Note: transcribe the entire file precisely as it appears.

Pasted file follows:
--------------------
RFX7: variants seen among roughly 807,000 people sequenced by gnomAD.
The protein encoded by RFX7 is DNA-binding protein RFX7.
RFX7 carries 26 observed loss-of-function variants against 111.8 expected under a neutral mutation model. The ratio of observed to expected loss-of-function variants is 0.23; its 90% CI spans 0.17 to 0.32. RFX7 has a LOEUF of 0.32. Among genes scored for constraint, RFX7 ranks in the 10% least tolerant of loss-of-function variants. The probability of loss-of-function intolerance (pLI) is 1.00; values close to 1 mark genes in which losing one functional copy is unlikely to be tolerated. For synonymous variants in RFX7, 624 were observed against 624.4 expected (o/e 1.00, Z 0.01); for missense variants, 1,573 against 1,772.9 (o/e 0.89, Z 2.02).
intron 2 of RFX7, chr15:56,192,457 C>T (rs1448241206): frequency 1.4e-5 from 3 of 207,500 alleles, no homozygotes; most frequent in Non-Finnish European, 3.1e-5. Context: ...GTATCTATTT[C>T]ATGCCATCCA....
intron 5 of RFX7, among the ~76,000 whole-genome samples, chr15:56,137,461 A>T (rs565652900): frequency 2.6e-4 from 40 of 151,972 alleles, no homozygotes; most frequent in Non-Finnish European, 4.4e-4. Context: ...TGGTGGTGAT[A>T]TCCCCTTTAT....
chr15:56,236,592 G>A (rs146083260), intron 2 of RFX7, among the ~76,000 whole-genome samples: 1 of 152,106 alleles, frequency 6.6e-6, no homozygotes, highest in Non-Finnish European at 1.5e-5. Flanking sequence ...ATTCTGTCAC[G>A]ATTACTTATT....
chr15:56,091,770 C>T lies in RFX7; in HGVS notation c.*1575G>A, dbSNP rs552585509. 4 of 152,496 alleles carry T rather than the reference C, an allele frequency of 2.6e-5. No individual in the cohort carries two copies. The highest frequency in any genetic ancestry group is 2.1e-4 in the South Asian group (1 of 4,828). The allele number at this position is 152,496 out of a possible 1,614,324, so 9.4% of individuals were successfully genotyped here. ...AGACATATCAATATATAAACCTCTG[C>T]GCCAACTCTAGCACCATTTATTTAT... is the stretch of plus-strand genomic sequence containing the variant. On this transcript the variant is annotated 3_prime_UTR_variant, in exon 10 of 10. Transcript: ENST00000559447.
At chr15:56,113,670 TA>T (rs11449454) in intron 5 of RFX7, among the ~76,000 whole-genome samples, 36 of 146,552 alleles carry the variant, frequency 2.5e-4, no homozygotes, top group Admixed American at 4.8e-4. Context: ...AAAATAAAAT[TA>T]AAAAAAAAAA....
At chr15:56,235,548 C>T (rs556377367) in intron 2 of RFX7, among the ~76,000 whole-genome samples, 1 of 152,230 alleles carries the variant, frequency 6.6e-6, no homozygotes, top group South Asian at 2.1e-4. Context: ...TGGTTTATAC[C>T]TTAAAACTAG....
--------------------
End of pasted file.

RFX7: variants seen among roughly 807,000 people sequenced by gnomAD.
The protein encoded by RFX7 is DNA-binding protein RFX7.
RFX7 carries 26 observed loss-of-function variants against 111.8 expected under a neutral mutation model. The ratio of observed to expected loss-of-function variants is 0.23; its 90% CI spans 0.17 to 0.32. RFX7 has a LOEUF of 0.32. Among genes scored for constraint, RFX7 ranks in the 10% least tolerant of loss-of-function variants. The probability of loss-of-function intolerance (pLI) is 1.00; values close to 1 mark genes in which losing one functional copy is unlikely to be tolerated. For synonymous variants in RFX7, 624 were observed against 624.4 expected (o/e 1.00, Z 0.01); for missense variants, 1,573 against 1,772.9 (o/e 0.89, Z 2.02).
intron 2 of RFX7, chr15:56,192,457 C>T (rs1448241206): frequency 1.4e-5 from 3 of 207,500 alleles, no homozygotes; most frequent in Non-Finnish European, 3.1e-5. Context: ...GTATCTATTT[C>T]ATGCCATCCA....
intron 5 of RFX7, among the ~76,000 whole-genome samples, chr15:56,137,461 A>T (rs565652900): frequency 2.6e-4 from 40 of 151,972 alleles, no homozygotes; most frequent in Non-Finnish European, 4.4e-4. Context: ...TGGTGGTGAT[A>T]TCCCCTTTAT....
chr15:56,236,592 G>A (rs146083260), intron 2 of RFX7, among the ~76,000 whole-genome samples: 1 of 152,106 alleles, frequency 6.6e-6, no homozygotes, highest in Non-Finnish European at 1.5e-5. Flanking sequence ...ATTCTGTCAC[G>A]ATTACTTATT....
chr15:56,091,770 C>T lies in RFX7; in HGVS notation c.*1575G>A, dbSNP rs552585509. 4 of 152,496 alleles carry T rather than the reference C, an allele frequency of 2.6e-5. No individual in the cohort carries two copies. The highest frequency in any genetic ancestry group is 2.1e-4 in the South Asian group (1 of 4,828). The allele number at this position is 152,496 out of a possible 1,614,324, so 9.4% of individuals were successfully genotyped here. ...AGACATATCAATATATAAACCTCTG[C>T]GCCAACTCTAGCACCATTTATTTAT... is the stretch of plus-strand genomic sequence containing the variant. On this transcript the variant is annotated 3_prime_UTR_variant, in exon 10 of 10. Transcript: ENST00000559447.
At chr15:56,113,670 TA>T (rs11449454) in intron 5 of RFX7, among the ~76,000 whole-genome samples, 36 of 146,552 alleles carry the variant, frequency 2.5e-4, no homozygotes, top group Admixed American at 4.8e-4. Context: ...AAAATAAAAT[TA>T]AAAAAAAAAA....
At chr15:56,235,548 C>T (rs556377367) in intron 2 of RFX7, among the ~76,000 whole-genome samples, 1 of 152,230 alleles carries the variant, frequency 6.6e-6, no homozygotes, top group South Asian at 2.1e-4. Context: ...TGGTTTATAC[C>T]TTAAAACTAG....